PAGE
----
Because of the wedding commitment, I was unable to travel to Orlando to accept the 2013 Professor James L. Chapman Award for Excellence in person from the National Association of Computer Voice Stress Analysts, so I sent this video acceptance speech in my place.

A serious personnel issue surfaced soon after my return from England. Butters, my four-legged office assistant, threatened me with “clawsuits” if I didn’t improve his working conditions. He seemed to calm down after I installed a new “cubicle” for him and after I agreed to replace it with newer mail-order models several times during the remainder of the year. And I did.

After satisfying the cat, I received good news about a dog — more accurately, an underdog. I learned the first of three arrests had been made in connection with the 2006 murder of 18-year-old Jarret Clark of Broken Arrow, Okla. The news was satisfying, because it appears it will bring closure to those close to the case about which I had kept details (i.e., guest writer Carrie Fatigante’s six-part series about his murder, Whatever Happened to Jarret Clark?) posted online for more than four years.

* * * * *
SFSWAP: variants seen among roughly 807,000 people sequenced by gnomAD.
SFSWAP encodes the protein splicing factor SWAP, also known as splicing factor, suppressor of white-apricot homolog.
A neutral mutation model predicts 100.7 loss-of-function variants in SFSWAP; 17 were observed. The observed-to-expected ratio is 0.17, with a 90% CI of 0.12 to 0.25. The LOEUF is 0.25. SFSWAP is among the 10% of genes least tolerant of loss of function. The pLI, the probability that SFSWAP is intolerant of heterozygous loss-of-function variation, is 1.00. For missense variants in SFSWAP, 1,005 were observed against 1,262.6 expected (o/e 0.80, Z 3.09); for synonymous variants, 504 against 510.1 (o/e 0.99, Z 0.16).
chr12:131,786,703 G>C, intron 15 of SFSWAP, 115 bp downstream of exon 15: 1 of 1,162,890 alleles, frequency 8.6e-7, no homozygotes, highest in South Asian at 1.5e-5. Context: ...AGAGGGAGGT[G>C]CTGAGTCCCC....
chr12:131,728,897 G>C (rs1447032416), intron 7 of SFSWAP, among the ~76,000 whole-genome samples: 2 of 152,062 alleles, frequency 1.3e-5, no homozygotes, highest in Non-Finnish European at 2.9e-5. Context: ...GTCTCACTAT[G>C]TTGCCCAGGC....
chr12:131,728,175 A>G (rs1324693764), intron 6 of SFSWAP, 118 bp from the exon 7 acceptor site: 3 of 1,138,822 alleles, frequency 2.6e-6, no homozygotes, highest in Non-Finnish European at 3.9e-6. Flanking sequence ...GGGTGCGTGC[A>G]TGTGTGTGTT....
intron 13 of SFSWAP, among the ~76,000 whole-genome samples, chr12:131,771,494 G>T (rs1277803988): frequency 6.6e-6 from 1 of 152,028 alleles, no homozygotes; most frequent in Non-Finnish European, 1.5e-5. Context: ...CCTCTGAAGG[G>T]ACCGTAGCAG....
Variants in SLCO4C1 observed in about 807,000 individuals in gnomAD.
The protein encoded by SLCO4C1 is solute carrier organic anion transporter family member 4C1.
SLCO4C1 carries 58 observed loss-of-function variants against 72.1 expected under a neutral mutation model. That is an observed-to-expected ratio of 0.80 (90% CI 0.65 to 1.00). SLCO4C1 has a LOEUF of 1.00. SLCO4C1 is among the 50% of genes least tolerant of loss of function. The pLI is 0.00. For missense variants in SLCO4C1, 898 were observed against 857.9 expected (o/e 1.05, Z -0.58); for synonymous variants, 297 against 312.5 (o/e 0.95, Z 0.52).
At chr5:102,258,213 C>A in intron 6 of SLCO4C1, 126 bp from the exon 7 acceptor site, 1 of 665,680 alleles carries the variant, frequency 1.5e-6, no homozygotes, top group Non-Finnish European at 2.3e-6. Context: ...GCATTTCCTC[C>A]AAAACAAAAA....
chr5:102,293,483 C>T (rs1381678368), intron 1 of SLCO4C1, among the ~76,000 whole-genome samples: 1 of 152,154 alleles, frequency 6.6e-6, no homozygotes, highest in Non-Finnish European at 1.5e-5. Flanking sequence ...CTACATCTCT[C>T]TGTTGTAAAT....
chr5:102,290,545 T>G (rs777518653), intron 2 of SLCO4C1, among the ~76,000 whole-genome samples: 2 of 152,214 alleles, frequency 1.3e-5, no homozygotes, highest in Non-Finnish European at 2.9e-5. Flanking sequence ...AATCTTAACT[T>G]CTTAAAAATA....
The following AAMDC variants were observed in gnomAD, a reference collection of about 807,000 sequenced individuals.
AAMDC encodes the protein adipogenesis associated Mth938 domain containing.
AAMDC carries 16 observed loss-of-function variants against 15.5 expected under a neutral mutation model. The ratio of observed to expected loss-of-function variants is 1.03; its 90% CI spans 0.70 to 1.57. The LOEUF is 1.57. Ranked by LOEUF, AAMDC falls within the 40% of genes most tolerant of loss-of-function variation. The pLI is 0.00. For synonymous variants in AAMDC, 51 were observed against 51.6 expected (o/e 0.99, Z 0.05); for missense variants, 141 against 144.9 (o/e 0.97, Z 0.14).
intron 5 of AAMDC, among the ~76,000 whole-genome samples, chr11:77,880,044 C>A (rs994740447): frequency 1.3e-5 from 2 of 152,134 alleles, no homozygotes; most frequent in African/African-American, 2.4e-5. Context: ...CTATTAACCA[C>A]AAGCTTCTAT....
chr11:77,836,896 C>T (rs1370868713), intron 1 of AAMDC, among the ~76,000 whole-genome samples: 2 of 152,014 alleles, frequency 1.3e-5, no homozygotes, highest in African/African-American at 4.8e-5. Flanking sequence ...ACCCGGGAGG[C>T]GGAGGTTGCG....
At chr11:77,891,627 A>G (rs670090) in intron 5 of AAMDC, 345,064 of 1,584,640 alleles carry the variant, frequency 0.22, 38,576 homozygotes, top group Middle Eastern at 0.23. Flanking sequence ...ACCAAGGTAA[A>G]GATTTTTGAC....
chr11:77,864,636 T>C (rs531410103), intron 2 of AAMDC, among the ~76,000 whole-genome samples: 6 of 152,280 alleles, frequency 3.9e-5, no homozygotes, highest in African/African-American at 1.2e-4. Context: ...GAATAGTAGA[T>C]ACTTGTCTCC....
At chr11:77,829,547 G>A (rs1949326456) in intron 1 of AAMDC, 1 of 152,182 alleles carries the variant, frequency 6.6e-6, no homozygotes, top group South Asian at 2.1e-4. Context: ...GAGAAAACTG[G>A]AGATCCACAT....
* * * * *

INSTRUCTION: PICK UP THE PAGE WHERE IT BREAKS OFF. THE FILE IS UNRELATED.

During the next several months, strange things — think Sony and North Korea — began happening at BobMcCarty.com. As a result, I lost the vast majority of my site’s content — more than 5,000 posts written and published during almost eight years online. As a result, I found myself facing the prospect of starting over from scratch.

Without getting into the oh-so-painful details which I’m not willing to share, I posted this message:

As I approach the eighth anniversary of my online presence, I’ve decided to change directions in a substantial way — that is, I’m moving away from writing on a daily basis on these pages.

In addition to losing content, my site — which once ranked #82 on the list of top conservative websites and generated more than 55,000 visits per month by more than 31,000 unique visitors per month — tumbled into relative obscurity in terms of site traffic as measured by Alexa. FYI: On this playing field, much like in golf, a lower score is a better.